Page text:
AsyncOperation.UserSuppliedState Property


Gets or sets an object used to uniquely identify an asynchronous operation.

 property System::Object ^ UserSuppliedState { System::Object ^ get(); };
public object UserSuppliedState { get; }
member this.UserSuppliedState : obj
Public ReadOnly Property UserSuppliedState As Object

Property Value

The state object passed to the asynchronous method invocation.


The following code example demonstrates using UserSuppliedState to track the lifetime of asynchronous operations. This code example is part of a larger example provided for the System.ComponentModel.AsyncOperationManager class.

// This method cancels a pending asynchronous operation.
public void CancelAsync(object taskId)
    AsyncOperation asyncOp = userStateToLifetime[taskId] as AsyncOperation;
    if (asyncOp != null)
        lock (userStateToLifetime.SyncRoot)
' This method cancels a pending asynchronous operation.
Public Sub CancelAsync(ByVal taskId As Object)

    Dim obj As Object = userStateToLifetime(taskId)
    If (obj IsNot Nothing) Then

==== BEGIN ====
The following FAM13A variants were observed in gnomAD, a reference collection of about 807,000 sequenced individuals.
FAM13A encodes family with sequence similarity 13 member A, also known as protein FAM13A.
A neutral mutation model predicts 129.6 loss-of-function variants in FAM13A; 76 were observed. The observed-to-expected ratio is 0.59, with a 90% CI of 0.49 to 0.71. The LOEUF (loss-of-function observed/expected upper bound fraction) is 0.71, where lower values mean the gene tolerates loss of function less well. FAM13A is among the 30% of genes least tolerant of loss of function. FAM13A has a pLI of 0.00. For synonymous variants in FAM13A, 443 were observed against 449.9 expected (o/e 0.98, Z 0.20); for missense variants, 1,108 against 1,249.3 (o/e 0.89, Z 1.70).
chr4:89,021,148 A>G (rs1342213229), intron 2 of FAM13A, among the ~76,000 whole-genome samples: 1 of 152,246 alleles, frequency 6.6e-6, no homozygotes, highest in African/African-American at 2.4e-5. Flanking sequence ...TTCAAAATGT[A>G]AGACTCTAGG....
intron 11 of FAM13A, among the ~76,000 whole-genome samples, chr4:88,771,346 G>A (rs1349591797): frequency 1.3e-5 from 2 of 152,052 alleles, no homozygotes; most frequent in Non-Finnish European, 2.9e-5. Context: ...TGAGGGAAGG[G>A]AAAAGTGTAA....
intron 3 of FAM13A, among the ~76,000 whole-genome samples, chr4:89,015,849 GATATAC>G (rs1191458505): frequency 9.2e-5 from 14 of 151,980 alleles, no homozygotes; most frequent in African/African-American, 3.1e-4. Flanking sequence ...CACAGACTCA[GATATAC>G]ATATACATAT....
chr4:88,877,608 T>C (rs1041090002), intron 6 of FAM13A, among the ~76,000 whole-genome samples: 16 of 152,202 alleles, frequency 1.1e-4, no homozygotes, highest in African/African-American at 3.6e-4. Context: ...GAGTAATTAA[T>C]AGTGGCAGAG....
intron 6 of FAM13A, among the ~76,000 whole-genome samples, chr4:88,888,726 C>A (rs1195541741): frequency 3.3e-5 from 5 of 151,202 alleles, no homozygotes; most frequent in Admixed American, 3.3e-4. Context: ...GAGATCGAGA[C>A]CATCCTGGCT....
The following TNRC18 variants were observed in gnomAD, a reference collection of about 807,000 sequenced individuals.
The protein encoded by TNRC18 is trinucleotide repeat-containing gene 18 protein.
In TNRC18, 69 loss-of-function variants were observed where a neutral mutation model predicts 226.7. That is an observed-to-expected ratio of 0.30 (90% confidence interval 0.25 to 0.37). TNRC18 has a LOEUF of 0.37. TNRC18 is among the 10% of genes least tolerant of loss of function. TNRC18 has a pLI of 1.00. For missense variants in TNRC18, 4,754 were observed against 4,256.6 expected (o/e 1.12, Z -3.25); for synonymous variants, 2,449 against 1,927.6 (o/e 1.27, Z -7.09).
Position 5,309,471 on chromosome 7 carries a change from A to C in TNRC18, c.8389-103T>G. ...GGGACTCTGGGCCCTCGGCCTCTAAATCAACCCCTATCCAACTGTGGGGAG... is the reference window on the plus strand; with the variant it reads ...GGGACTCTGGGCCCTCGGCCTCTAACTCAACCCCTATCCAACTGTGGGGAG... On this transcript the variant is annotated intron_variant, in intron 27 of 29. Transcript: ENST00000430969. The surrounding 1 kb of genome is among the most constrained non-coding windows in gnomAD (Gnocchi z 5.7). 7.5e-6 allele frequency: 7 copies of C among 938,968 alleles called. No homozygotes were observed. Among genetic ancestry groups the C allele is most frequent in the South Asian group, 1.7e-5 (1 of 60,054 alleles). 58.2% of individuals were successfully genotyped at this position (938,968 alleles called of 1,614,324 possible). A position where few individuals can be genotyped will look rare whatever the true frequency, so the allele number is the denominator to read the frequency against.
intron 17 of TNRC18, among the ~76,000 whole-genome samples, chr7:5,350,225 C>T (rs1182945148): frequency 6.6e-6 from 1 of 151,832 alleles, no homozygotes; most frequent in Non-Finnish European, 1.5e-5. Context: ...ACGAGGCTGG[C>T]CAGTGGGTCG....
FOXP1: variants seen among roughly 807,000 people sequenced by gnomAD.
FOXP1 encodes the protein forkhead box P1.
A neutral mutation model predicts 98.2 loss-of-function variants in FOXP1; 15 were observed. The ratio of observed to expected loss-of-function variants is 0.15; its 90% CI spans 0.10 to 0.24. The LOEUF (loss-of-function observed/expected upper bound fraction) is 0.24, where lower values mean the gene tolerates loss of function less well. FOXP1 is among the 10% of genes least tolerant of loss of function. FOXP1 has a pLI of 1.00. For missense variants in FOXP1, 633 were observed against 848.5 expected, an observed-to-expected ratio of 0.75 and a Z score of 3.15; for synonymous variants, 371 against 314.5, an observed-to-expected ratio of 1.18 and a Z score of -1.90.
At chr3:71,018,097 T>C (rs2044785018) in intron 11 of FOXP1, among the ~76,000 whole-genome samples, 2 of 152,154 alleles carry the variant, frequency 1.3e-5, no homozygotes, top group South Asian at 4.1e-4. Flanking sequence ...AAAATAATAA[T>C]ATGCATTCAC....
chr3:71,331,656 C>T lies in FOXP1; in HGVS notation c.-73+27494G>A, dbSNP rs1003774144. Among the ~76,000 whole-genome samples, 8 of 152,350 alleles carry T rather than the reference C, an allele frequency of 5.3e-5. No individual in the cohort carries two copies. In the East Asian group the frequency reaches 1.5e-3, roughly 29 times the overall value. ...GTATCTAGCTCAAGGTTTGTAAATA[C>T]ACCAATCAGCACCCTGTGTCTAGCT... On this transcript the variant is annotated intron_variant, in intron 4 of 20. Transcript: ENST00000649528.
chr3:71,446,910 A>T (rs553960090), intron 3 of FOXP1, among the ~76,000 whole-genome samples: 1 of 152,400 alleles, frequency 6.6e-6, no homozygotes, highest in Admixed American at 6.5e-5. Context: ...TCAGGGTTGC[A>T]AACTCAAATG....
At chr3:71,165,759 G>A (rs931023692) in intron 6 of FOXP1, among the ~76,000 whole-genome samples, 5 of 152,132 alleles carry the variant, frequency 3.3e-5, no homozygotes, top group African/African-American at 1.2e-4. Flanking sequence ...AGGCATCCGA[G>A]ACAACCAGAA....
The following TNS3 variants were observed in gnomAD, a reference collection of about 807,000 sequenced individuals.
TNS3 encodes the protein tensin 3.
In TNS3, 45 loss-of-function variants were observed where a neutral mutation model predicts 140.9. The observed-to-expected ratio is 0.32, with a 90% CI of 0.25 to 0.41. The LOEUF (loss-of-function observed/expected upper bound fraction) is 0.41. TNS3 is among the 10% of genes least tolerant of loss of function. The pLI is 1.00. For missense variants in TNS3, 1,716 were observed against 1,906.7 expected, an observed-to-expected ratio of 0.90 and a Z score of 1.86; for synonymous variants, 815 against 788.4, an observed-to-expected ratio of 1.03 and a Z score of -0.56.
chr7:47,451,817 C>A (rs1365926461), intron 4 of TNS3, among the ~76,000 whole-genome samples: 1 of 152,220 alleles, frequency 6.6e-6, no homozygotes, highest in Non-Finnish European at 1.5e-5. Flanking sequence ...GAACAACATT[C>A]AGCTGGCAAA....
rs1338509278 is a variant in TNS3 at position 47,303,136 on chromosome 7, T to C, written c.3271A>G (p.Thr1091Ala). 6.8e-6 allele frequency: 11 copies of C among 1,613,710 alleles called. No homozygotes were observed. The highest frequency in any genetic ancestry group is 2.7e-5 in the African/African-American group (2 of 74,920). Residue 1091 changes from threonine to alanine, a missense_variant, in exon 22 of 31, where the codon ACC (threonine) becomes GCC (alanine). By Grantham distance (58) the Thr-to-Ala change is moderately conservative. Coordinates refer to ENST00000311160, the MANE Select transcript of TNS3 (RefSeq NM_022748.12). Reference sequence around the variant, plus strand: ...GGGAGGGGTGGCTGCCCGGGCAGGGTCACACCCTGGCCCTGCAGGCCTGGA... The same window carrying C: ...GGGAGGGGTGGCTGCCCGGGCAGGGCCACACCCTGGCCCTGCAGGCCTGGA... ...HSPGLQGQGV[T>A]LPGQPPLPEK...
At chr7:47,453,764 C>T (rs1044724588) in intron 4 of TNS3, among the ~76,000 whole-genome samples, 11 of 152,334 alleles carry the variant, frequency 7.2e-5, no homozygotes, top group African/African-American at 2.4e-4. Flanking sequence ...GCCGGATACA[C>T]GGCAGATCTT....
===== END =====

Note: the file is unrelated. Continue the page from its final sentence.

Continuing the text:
SyncLock userStateToLifetime.SyncRoot


        End SyncLock

    End If

End Sub


If your class supports multiple asynchronous methods or multiple invocations of a single asynchronous method, clients will need a way to determine which asynchronous task is raising events. Your MethodNameAsync method should take a parameter of type Object that will act as a task ID. You will use this task ID when you call the AsyncOperationManager.CreateOperation, method and this will associate the client's task ID with a particular invocation of your asynchronous operation. This task ID is made available to your implementation through the UserSuppliedState property.


Client code must be careful to provide a unique value for the UserSuppliedState property. Non-unique task IDs may cause your implementation to report progress and other events incorrectly. Your code should check for a non-unique task ID and raise an ArgumentException if one is detected.

Applies to

See also